This year's Thanksgiving
Nostalgia for the past needn't blind us to the good that is present with us right now.
It was the day before Thanksgiving. I was in the kitchen preparing food for the next day. My thoughts wandered back over past holidays. Savoring the happy memories of family gatherings, soon I was comparing the past to the present.
That particular year my family was planning to be alone. This was fine, I reminded myself. We had been alone on holidays before. Suddenly I realized, however, that my thoughts were dwelling far too much on the past. Almost aloud I said, "But I want this year's Thanksgiving."
Looking for more content like this?
Get uplifting articles and podcasts in the Sentinel's weekly email.
My thought turned toward God; I felt a deep desire for a more spiritual sense of this holiday. I reasoned that there is one divine Parent of all, and that is God. In truth every individual everywhere is spiritual and is part of God's family. And this day could bring only infinite good, since God is perfect Love.
Above the changing scenes of human life stands the changeless reality of man as the offspring of God, fulfilled and complete. The joy and love of companionship we experience humanly speak to us of the eternal embrace of our Father-Mother God.
The deepest love that can be shared in human experience—companionship, belonging, caring, protecting, providing—is spiritual and originates in a source higher than the human person, in the divine Love that is God. No one can be excluded from God's love.
It is natural for people to be close to members of their own families and to feel happiness, strength, and security within the structure of that circle. But when there is no traditional family circle or changes come to human existence, it may seem impossible to build relationships that have family joy. At such times turning to God in prayer opens the way for new experiences of family love. The Psalmist saw God's help as practical, as meeting the human need, for he wrote: "A father of the fatherless, and a judge of the widows, is God in his holy habitation. God setteth the solitary in families."
When we learn to know God as the Parent of all, we begin to discover the real structure of family life and love.
Discordant elements, such as loneliness, separation, stormy relationships, misplaced affections that harm, sickness, or decrepitude, do not belong to God's family. The love and goodness in our human families are from God and are strengthened through spiritual understanding. This understanding comes when we learn that reality is spiritual and that we are not subject to the mortal misconception that we have been born into matter. When we learn to know God as the Parent of all, we begin to discover the real structure of family life and love. This structure has a spiritual basis. We each relate directly to God and, through this unbreakable relationship, to each other.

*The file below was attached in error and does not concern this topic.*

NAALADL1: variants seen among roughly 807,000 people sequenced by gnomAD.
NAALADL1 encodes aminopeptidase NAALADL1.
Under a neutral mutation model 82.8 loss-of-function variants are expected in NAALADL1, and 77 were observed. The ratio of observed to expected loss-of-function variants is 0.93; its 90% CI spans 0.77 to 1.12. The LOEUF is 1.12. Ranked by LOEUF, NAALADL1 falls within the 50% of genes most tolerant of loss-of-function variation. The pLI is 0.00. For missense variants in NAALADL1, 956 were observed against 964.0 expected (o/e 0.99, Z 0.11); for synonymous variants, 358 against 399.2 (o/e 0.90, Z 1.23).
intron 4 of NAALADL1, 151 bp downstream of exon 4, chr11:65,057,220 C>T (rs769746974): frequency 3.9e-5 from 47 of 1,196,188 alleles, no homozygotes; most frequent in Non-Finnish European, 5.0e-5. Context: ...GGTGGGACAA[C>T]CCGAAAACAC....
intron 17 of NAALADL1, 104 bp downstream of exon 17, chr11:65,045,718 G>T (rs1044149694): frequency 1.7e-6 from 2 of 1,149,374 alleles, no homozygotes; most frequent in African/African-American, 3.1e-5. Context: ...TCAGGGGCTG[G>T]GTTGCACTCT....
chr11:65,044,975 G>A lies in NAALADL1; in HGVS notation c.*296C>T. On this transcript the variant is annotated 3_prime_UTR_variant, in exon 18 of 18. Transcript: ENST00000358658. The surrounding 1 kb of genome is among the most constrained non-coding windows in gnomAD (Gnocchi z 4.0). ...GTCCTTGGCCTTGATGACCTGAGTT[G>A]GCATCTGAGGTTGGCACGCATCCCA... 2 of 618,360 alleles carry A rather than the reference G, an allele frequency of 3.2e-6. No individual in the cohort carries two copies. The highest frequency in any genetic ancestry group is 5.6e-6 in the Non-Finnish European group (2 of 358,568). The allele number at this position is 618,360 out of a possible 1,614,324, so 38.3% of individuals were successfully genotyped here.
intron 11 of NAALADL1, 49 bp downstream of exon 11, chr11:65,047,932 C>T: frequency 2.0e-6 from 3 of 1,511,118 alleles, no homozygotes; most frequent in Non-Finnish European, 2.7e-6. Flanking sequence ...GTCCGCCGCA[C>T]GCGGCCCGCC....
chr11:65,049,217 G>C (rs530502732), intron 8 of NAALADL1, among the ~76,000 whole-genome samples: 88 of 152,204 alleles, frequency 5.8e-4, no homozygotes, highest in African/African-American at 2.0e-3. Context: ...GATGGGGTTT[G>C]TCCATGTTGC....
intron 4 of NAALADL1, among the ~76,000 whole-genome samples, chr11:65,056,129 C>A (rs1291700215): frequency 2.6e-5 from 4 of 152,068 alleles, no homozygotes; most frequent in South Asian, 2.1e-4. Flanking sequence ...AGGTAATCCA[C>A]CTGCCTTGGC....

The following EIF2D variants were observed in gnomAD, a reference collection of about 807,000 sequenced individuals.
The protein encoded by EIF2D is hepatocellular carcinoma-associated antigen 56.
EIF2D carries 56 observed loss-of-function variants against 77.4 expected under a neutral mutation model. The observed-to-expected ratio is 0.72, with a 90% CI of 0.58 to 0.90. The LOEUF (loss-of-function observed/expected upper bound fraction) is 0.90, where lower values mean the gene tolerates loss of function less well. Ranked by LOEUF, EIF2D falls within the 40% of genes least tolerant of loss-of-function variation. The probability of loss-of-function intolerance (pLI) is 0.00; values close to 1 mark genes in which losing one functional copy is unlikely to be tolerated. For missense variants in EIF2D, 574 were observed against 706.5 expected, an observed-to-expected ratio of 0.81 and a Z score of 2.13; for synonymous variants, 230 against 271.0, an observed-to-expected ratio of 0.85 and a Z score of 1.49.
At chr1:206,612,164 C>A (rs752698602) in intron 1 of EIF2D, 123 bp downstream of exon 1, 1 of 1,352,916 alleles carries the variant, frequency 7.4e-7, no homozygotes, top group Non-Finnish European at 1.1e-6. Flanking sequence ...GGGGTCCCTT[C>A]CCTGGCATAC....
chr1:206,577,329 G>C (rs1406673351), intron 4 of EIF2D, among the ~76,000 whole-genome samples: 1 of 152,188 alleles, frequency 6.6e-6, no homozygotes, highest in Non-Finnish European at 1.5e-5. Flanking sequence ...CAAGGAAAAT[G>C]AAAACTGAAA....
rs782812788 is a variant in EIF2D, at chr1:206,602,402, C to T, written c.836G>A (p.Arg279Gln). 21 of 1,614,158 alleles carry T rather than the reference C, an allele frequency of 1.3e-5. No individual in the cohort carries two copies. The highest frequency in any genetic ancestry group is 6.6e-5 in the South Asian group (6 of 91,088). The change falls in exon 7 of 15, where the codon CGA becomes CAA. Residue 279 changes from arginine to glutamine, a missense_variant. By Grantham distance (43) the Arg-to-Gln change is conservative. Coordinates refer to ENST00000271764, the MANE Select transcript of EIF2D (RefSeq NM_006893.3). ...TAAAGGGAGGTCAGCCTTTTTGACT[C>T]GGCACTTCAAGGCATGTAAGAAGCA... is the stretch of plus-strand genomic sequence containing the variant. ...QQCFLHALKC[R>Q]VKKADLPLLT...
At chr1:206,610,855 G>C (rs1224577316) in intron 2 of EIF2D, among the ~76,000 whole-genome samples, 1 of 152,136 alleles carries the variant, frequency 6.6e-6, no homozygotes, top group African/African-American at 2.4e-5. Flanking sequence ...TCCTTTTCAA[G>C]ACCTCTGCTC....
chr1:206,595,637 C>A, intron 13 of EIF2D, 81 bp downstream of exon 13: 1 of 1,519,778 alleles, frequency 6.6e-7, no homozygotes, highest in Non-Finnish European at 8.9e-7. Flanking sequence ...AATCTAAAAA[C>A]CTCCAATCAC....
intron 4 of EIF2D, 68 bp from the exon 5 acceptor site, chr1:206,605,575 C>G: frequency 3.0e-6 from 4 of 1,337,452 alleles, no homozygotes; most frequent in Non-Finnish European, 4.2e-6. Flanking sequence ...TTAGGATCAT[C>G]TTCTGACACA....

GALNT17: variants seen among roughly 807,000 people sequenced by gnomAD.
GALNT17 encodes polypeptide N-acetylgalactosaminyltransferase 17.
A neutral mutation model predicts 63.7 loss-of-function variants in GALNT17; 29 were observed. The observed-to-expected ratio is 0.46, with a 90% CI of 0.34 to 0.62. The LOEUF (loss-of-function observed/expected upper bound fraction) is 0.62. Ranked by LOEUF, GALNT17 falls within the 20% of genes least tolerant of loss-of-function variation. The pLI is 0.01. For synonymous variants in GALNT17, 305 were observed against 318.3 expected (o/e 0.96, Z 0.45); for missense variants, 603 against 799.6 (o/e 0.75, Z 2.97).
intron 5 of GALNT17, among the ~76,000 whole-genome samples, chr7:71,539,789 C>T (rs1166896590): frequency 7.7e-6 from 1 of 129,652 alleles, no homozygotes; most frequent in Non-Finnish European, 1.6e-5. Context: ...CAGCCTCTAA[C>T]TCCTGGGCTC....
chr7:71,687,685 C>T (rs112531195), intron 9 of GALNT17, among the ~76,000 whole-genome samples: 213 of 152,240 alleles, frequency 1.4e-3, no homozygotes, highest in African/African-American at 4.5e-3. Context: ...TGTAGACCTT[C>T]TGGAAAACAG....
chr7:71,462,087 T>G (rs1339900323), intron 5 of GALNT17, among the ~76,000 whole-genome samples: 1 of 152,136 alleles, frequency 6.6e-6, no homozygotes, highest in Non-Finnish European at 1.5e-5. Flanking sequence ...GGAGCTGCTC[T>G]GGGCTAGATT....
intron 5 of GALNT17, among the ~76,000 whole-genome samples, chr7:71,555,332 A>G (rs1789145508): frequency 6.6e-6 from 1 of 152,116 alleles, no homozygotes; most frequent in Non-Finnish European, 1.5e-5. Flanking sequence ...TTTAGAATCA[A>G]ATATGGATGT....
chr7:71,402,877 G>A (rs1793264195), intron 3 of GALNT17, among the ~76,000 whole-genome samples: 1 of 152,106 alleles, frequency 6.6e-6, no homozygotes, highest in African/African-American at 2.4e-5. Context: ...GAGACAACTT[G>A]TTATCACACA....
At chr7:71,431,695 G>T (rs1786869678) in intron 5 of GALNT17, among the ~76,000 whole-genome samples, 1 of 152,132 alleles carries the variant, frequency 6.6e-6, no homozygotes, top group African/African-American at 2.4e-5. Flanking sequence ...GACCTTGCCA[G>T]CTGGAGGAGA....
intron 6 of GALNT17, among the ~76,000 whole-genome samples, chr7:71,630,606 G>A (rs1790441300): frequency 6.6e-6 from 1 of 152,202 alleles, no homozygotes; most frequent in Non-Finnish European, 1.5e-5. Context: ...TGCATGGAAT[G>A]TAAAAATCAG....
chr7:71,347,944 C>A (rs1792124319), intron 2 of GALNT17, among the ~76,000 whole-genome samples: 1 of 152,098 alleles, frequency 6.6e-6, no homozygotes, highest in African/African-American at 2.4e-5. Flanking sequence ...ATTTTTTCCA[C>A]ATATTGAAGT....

This is very evident in the life of Christ Jesus. From a human standpoint, Jesus was a lone figure. How did he deal with it? Through his understanding of God, whom he called Father. Who was his family? All of mankind. Where did he find a feeling of belonging and being loved? He put it this way: "Whosoever shall do the will of my Father which is in heaven, the same is my brother, and sister, and mother."
When we are with family or friends, or even when we are alone, by following in the way of Christ Jesus—turning to God as Father and Mother, giving thanks for His love—we will be guided into relationships built on the purpose and power of divine Love. In this way, the human need is truly satisfied through the parental wisdom of God.
Through years of experience in founding a Church and presenting Christian Science to the world, Mrs. Eddy became very conscious that God is indeed present in each individual's life. "And does not this heavenly Parent know and supply the differing needs of the individual mind even as the Scriptures declare He will?" she asks in her Message to The Mother Church for 1901.
With the tendency toward nostalgia at holiday times, memories may seem so natural and appealing that we have little desire to break the reverie. Or they may be sad and seem so powerful over the present as to tempt us to refuse a new opportunity for spiritual progress. In either case turning to God in prayer opens the way for new experiences of His love.
I had obvious reasons to be grateful on that Thanksgiving Day, and I was. Yet it was not because I was looking back or was taking account of my status in life. My joy and gratitude came from the feeling of changeless, ever-present good, secure in the fatherhood and motherhood of God. I felt in a more powerful way than ever before that the family of man is my own family.
The changes that come to human existence cannot take away the good God gives. Neither the parenthood of God nor the family love that is the heritage of each of His offspring will ever be lost. And through prayer we can prove that God's love is present in our lives for this year's Thanksgiving Day and for every day of the year.